UNHCR - UNHCR: France decision to close Calais 'jungle' camp welcome; Proper care in next steps crucial. 14 October 2016 | Français | عربي Earlier this month France’s President Francois Hollande announced that the informal camp for refugees and migrants in Calais, the so-called “Jungle,” will be closed in the coming days, with the camp population to be moved to centres where better help can be provided.
This is welcome. The Calais authorities estimate that some 6,000 people are staying at the camp. It is vital that they be moved in a planned and organized manner, and that proper alternative accommodation is found for them around the country. Q&A: what happens now to the Calais refugees? Where are they going?
Sixty buses will move the refugees and migrants to 164 reception centres across France. The accommodation centres, which are intended to be temporary, will each hold 40 to 50 people for up to four months while their asylum cases are examined. Those who do not claim asylum will be sent back to their country of origin. Hundreds leave Calais by bus on first day of operation to clear refugee camp. Hundreds of migrants and refugees have left Calais on buses for accommodation centres elsewhere in France on the first day of an operation to clear and then demolish the refugee camp in the northern port town.
Queues of people carrying their few possessions, some in donated holdalls, had begun forming before dawn outside a warehouse where processing took place. As the gates opened people surged towards the warehouse, with no idea where they were to be taken but having been warned they must leave or risk arrest and deportation. Four hours after the operation began, about 900 people had departed Calais on 23 buses. Calais children expected in Britain ‘within days’ Only The Hardest Of Hearts Could Ignore These Syrian Kids' Hopes For Peace. Syrian teenager met by cheers in London after months in Calais limbo. Omar’s journey from Syria to Europe included a trip in a tiny boat from Turkey, a trek across Europe and months in legal limbo alone in the Calais refugee camp, waiting for his chance to cross safely to his extended family in the UK.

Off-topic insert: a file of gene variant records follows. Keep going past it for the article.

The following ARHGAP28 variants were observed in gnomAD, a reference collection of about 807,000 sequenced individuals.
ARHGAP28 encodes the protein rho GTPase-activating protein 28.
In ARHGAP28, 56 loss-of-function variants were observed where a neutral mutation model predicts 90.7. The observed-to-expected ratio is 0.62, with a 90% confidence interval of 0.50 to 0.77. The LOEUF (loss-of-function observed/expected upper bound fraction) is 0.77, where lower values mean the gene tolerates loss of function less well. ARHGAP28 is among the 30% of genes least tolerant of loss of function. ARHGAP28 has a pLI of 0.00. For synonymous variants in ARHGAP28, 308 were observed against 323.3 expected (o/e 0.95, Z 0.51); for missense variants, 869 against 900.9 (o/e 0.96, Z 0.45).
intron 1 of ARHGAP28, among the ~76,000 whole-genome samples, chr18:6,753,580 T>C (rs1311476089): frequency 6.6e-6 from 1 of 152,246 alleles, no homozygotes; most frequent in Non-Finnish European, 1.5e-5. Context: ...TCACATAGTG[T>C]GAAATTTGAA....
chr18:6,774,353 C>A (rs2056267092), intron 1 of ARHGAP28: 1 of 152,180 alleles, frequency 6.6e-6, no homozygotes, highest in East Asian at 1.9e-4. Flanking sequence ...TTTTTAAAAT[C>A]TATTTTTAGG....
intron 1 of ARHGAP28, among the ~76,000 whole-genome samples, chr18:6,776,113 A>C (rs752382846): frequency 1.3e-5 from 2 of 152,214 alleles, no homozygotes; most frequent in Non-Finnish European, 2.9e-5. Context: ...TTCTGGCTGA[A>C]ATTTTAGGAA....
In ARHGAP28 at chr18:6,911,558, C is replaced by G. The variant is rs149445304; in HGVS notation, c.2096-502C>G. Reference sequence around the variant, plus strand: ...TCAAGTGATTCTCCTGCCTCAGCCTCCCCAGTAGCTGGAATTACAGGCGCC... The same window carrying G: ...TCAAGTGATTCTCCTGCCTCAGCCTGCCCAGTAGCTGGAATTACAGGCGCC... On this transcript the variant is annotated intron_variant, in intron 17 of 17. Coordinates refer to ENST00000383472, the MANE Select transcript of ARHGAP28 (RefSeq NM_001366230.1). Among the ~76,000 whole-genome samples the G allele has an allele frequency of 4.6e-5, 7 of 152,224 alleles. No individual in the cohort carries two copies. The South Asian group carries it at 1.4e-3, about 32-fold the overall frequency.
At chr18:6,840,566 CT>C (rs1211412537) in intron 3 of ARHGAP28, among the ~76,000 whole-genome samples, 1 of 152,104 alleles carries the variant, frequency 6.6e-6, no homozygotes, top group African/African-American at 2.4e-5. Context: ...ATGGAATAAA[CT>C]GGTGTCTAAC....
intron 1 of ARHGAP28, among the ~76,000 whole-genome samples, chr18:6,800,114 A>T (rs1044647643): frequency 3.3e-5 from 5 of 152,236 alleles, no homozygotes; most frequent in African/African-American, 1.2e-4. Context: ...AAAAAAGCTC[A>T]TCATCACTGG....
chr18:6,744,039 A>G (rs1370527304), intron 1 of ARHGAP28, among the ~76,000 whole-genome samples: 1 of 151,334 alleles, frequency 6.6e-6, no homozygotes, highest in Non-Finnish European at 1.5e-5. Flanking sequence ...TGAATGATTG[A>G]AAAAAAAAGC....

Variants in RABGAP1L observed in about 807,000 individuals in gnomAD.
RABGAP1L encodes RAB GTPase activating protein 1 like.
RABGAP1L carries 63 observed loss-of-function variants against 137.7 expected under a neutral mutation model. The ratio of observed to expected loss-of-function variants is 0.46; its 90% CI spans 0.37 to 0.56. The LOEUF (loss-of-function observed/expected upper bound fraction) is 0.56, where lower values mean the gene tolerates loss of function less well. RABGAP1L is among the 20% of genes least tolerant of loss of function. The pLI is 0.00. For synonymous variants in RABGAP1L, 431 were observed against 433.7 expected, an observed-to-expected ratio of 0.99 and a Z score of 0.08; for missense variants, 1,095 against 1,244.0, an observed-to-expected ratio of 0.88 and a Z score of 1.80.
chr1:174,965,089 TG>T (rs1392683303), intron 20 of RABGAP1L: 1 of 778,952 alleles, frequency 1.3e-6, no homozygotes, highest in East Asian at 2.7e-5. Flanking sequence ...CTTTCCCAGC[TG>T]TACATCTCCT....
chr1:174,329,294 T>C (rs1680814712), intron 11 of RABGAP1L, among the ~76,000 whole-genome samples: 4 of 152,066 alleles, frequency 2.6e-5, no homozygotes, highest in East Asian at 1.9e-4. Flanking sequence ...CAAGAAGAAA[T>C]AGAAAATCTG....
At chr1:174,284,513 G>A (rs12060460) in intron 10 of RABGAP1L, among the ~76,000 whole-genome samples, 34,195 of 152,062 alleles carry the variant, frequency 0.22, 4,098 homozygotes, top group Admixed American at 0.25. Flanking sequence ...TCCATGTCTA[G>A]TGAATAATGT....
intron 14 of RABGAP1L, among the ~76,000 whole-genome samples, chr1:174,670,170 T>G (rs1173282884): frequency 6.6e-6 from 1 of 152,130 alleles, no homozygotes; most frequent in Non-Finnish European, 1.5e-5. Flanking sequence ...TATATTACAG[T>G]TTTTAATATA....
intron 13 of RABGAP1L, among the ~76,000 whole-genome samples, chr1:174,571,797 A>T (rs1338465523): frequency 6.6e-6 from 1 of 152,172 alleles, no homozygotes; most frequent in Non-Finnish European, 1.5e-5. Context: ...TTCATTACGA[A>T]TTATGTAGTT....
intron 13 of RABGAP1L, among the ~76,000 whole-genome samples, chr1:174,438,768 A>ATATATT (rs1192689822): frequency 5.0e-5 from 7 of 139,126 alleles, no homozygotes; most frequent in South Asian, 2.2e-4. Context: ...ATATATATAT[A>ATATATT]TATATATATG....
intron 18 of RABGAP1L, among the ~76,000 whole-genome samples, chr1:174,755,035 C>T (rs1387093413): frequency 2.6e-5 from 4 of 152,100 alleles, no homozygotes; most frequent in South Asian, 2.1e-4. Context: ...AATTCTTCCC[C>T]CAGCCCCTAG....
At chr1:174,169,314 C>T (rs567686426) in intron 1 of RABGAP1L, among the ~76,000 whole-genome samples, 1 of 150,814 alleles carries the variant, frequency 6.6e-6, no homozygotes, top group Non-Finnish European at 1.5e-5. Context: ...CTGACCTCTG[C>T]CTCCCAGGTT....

Arriving at St Pancras station in London on Thursday, with a small backpack and a shy smile, the 17-year-old was almost overwhelmed by the significance of the moment. He was greeted with cheers as he walked into the cafe where the volunteers and lawyers who had helped him through the gruelling legal process waited for him. He is the 50th child refugee to arrive in the UK under the EU’s Dublin regulation, brought over by Safe Passage, an organisation run by Citizens UK to lobby and make legal representation on refugee children’s behalf.
His cousin Abdullah, one of the first family members he has seen in almost a year, stood protectively at his shoulder. Omar’s parents and siblings are still in Syria. “We were always so worried about him. UNHCR - UNHCR: France decision to close Calais 'jungle' camp welcome; Proper care in next steps crucial. Families speak of their joy at being reunited with Calais children. The brother of a child migrant coming from Calais to the UK said it will be a "blessing" to have him back.
Asif Khan, 25, fled Afghanistan to come to the UK 11 years ago, but his younger brother Aimal, 14, stayed behind. Six months ago, his sibling made it to Calais, but had not yet made the final leg of his journey across the Channel to be reunited with his brother. Now he is one of 14 migrant children who have been brought into the country to join their families. Asif, who works as a chef, told the Press Association: "I really appreciate this. It was a blessing to receive him from there - I'm really happy.